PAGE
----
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+Hollis Blanchard <hollis@austin.ibm.com>
+5 Jun 2002
+
+This document describes the system (including self-modifying code) used in the
+PPC Linux kernel to support a variety of PowerPC CPUs without requiring
+compile-time selection.
+
+Early in the boot process the ppc32 kernel detects the current CPU type and
+chooses a set of features accordingly. Some examples include Altivec support,
+split instruction and data caches, and if the CPU supports the DOZE and NAP
+sleep modes.
+
+Detection of the feature set is simple. A list of processors can be found in
+arch/ppc/kernel/cputable.c. The PVR register is masked and compared with each
+value in the list. If a match is found, the cpu_features of cur_cpu_spec is
+assigned to the feature bitmask for this processor and a __setup_cpu function
+is called.
+
+C code may test 'cur_cpu_spec[smp_processor_id()]->cpu_features' for a
+particular feature bit. This is done in quite a few places, for example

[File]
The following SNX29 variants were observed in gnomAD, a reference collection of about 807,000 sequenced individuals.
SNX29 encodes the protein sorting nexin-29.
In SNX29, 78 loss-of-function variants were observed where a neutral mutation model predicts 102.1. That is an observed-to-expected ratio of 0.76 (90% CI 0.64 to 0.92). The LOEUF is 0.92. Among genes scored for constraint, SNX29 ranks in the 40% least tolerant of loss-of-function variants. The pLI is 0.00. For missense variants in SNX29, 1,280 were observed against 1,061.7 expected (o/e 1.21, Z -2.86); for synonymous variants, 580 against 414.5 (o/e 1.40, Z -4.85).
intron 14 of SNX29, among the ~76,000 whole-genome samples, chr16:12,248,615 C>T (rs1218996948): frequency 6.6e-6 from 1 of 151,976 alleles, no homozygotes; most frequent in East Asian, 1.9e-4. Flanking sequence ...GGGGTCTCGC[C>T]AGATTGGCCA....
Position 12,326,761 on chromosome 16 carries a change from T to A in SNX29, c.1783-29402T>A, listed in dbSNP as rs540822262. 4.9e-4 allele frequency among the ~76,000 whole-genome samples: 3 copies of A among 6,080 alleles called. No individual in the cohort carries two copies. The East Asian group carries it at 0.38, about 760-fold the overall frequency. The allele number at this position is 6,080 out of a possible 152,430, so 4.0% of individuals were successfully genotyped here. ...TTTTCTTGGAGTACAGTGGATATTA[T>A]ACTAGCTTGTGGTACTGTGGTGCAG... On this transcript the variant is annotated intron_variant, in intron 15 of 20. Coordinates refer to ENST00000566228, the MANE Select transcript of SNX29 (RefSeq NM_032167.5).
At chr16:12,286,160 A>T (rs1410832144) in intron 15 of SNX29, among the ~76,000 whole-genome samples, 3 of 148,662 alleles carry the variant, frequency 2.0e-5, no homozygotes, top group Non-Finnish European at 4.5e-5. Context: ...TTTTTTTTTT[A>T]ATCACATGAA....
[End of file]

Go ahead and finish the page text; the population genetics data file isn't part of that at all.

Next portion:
+in ppc_setup_l2cr().
+
+Implementing cpufeatures in assembly is a little more involved. There are
+several paths that are performance-critical and would suffer if an array
+index, structure dereference, and conditional branch were added. To avoid the
+performance penalty but still allow for runtime (rather than compile-time) CPU
+selection, unused code is replaced by 'nop' instructions. This nop'ing is
+based on CPU 0's capabilities, so a multi-processor system with non-identical
+processors will not work (but such a system would likely have other problems
+anyways).
+
+After detecting the processor type, the kernel patches out sections of code
+that shouldn't be used by writing nop's over it. Using cpufeatures requires
+just 2 macros (found in include/asm-ppc/cputable.h), as seen in head.S
+transfer_to_handler:
+
+ #ifdef CONFIG_ALTIVEC
+ BEGIN_FTR_SECTION
+ mfspr r22,SPRN_VRSAVE /* if G4, save vrsave register value */
+ stw r22,THREAD_VRSAVE(r23)
+ END_FTR_SECTION_IFSET(CPU_FTR_ALTIVEC)
+ #endif /* CONFIG_ALTIVEC */
+
+If CPU 0 supports Altivec, the code is left untouched. If it doesn't, both
+instructions are replaced with nop's.
+
+The END_FTR_SECTION macro has two simpler variations: END_FTR_SECTION_IFSET
+and END_FTR_SECTION_IFCLR. These simply test if a flag is set (in
+cur_cpu_spec[0]->cpu_features) or is cleared, respectively. These two macros
+should be used in the majority of cases.
+
+The END_FTR_SECTION macros are implemented by storing information about this
+code in the '__ftr_fixup' ELF section. When do_cpu_ftr_fixups
+(arch/ppc/kernel/misc.S) is invoked, it will iterate over the records in
+__ftr_fixup, and if the required feature is not present it will loop writing
+nop's from each BEGIN_FTR_SECTION to END_FTR_SECTION.